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This paper is about mechanical checking of formal mathematics. Given some formal system, we want to construct derivations in that system, or check the correctness of putative derivations; our job is not to ascertain truth (that is the job of the designer of our formal system), but only proof. However, we are quite rigid about this: only a derivation in our given formal system will do; nothing else counts as evidence! Thus it is not a collection of judgements (provability), or a consequence relation [Avr91] (derivability) we are interested in, but the derivations themselves; the formal system used to present a logic is important. This viewpoint seems forced on us by our intention to actually do formal mathematics. There is still a question, however, revolving around whether we insist on objects that are immediately recognisable as proofs (direct proofs), or will accept some metanotations that only compute to proofs (indirect proofs). For example, we informally refer to previously proved results, lemmas and theorems, without actually inserting the texts of their proofs in our argument. Such an argument could be made into a direct proof by replacing all references to previous results by their direct proofs, so it might be accepted as a kind of indirect proof. In fact, even for very simple formal systems, such an indirect proof may compute to a very much bigger direct proof, and if we will only accept a fully expanded direct proof (in a mechanical proof checker for example), we will not be able to do much mathematics. It is well known that this notion of referring to previous results can be internalized in a logic as a cut rule, or Modus Ponens. In a logic containing a cut rule, proofs containing cuts are considered direct proofs, and can be directly accepted by a proof ch...
A Useful λNotation
, 1996
"... In this article, we introduce a notation that is useful for many concepts of the  calculus. The new notation is a simple translation of the classical one. Yet, it provides many nice advantages. First, we show that definitions such as compatibility, the heart of a term and firedexes become simpl ..."
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Cited by 1 (0 self)
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In this article, we introduce a notation that is useful for many concepts of the  calculus. The new notation is a simple translation of the classical one. Yet, it provides many nice advantages. First, we show that definitions such as compatibility, the heart of a term and firedexes become simpler in item notation. Second, we show that with this item notation, reduction can be generalised in a nice way. We find a relation ; fi which extends ! fi , which is Church Rosser and Strongly Normalising. This reduction relation may be the way to new reduction strategies. In classical notation, it is much harder to present this generalised reduction in a convincing manner. Third, we show that the item notation enables one to represent in a very simple way the canonical type ø (\Gamma; A) of a term A in context \Gamma. This canonical type plays the role of a preference type and can be used to split \Gamma ` A : B in the two parts: \Gamma ` A and ø (\Gamma; A) = B. This means that the questio...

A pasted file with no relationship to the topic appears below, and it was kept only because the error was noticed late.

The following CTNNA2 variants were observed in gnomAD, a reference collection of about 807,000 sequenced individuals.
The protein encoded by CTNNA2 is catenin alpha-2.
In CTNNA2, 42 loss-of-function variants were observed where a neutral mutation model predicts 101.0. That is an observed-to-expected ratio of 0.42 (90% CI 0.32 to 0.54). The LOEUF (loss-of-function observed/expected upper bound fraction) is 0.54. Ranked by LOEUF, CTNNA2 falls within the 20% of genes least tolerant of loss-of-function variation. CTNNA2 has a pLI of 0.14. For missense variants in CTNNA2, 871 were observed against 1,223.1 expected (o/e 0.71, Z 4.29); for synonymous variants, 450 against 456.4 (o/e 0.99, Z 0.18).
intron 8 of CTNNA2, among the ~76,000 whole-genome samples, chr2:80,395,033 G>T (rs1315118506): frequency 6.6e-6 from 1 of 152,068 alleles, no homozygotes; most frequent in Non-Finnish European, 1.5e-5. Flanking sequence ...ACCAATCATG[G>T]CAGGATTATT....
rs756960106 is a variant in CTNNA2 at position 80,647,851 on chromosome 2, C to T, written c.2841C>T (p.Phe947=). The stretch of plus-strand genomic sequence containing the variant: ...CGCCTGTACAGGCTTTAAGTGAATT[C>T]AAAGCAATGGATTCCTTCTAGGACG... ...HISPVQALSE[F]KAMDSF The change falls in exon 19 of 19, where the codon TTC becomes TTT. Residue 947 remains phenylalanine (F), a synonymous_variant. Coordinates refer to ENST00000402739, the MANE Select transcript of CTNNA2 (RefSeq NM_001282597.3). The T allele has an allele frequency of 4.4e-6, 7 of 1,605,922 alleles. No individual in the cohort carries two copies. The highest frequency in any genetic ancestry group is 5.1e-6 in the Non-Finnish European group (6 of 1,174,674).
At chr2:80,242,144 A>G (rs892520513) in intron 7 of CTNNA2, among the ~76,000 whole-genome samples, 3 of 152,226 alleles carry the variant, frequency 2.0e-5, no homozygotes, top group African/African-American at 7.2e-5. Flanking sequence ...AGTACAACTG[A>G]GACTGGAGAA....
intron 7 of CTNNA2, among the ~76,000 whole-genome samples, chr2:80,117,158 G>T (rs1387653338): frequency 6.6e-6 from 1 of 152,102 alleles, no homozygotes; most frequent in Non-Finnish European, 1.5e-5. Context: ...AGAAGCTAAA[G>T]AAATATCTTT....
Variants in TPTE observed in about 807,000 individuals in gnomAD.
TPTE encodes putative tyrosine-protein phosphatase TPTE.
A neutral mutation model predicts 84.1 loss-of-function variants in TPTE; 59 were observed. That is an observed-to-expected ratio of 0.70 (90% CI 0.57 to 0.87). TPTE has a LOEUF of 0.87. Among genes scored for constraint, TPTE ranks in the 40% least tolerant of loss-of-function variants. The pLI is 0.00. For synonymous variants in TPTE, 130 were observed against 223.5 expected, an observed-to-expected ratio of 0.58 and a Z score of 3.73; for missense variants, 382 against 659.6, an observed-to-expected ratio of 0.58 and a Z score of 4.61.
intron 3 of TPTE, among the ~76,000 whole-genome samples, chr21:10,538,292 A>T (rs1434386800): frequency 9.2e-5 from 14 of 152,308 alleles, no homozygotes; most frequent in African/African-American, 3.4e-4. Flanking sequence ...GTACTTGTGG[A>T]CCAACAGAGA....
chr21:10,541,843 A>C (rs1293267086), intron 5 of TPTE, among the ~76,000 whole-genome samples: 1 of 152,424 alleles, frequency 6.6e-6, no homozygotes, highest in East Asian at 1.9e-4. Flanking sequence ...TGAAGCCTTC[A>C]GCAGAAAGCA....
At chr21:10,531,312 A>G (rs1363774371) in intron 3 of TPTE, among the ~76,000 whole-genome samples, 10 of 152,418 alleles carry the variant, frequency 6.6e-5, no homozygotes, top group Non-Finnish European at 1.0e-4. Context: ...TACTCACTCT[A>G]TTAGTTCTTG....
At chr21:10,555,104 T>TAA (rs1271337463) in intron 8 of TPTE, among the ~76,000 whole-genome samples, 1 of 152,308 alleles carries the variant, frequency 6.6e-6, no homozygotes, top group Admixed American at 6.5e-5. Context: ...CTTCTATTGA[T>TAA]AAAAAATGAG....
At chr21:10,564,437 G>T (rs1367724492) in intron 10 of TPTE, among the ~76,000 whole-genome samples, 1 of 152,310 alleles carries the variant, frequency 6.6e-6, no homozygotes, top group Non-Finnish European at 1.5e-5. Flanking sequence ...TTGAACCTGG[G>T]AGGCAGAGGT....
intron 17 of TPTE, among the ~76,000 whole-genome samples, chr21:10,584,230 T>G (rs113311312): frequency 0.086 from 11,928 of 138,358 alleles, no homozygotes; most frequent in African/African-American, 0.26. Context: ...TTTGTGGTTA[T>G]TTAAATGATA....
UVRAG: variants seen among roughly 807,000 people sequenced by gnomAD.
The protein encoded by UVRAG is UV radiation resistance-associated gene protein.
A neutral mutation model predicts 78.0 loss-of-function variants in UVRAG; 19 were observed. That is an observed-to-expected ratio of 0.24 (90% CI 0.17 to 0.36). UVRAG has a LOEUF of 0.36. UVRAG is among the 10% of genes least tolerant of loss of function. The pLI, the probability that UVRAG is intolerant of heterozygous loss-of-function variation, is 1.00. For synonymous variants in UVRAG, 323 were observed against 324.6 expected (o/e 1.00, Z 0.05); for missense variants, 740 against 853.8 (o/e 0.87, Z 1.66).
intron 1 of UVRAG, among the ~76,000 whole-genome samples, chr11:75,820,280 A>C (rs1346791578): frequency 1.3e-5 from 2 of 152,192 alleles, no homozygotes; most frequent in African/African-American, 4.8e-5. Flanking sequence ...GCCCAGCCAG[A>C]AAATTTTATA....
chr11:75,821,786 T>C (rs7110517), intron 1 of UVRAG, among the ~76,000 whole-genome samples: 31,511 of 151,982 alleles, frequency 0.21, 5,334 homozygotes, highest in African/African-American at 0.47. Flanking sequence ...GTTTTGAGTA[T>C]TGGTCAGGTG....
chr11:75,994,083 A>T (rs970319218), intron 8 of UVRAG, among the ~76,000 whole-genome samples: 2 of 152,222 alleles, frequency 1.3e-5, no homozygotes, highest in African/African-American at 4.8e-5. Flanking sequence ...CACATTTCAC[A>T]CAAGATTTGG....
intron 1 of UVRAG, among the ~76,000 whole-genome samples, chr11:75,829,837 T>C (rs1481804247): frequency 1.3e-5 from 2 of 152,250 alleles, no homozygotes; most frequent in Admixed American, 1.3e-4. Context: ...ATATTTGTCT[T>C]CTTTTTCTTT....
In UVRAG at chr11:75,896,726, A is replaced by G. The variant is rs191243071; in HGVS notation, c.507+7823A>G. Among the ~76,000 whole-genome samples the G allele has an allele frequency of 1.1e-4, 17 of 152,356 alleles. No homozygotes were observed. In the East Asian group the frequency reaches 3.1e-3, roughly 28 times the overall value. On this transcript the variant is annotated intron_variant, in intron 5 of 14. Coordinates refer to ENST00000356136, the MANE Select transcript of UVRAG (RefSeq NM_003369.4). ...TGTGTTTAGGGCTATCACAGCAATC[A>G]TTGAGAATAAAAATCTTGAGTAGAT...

(Typed) λCalculus and Formalising Mathematics à la de Bruijn
, 2008
"... • In 1967, an internationally renowned mathematician called N.G. de Bruijn wanted to do something never done before: use the computer to formally check the correctness of mathematical books. • Such a task needs a good formalisation of mathematics, a good competence in implementation, and extreme att ..."
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• In 1967, an internationally renowned mathematician called N.G. de Bruijn wanted to do something never done before: use the computer to formally check the correctness of mathematical books. • Such a task needs a good formalisation of mathematics, a good competence in implementation, and extreme attention to all the details so that nothing is left informal. • No earlier formalisation of mathematics (Frege, Russell, Whitehead, Hilbert, Ramsey, etc.) had ever achieved such attention to details. • Implementing extensive formal systems on the computer was never done before. • De Bruijn, an extremely original mathematician, did every step his own way, quickly replacing existing ideas with his own original genious way of thinking, shaping the road ahead for everyone else to follow. Eindhoven, September 2008 1De Bruijn in 1967 • When de Bruijn announced his new project Automath at the start of January 1967, there was mixed reactions:
Important Issues in Foundational Formalisms
, 1997
"... This article discusses my work in the last few years on logical formalisms which have been shown to be useful to various aspects of Natural and Programming Languages and for foundational formalisms. In this period, I have been involved in two extensive programs: 1. The rst program concerns languages ..."
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This article discusses my work in the last few years on logical formalisms which have been shown to be useful to various aspects of Natural and Programming Languages and for foundational formalisms. In this period, I have been involved in two extensive programs: 1. The rst program concerns languages which exhibit various ways of combining expressiveness with logic. While I do not propose that any of these languages is ideal, I believe that they illustrate the fruitfulness of bringing together ideas from distinct disciplines. Central to the program will be Logic, calculus and Type Theory, which have played an important role not only in foundational discussions, but also in applied formal semantics; specically, the semantics of natural language (nl) and of programming languages (pl). The general goal here has been to nd expressive and unifying theories which keep the earlier advantages but bring about new dimensions. This goal moreover extends to nding a general framework which can be used to compare earlier theories and to carry results from one theory to another without duplication of work. Issues that play a great role in the general framework include full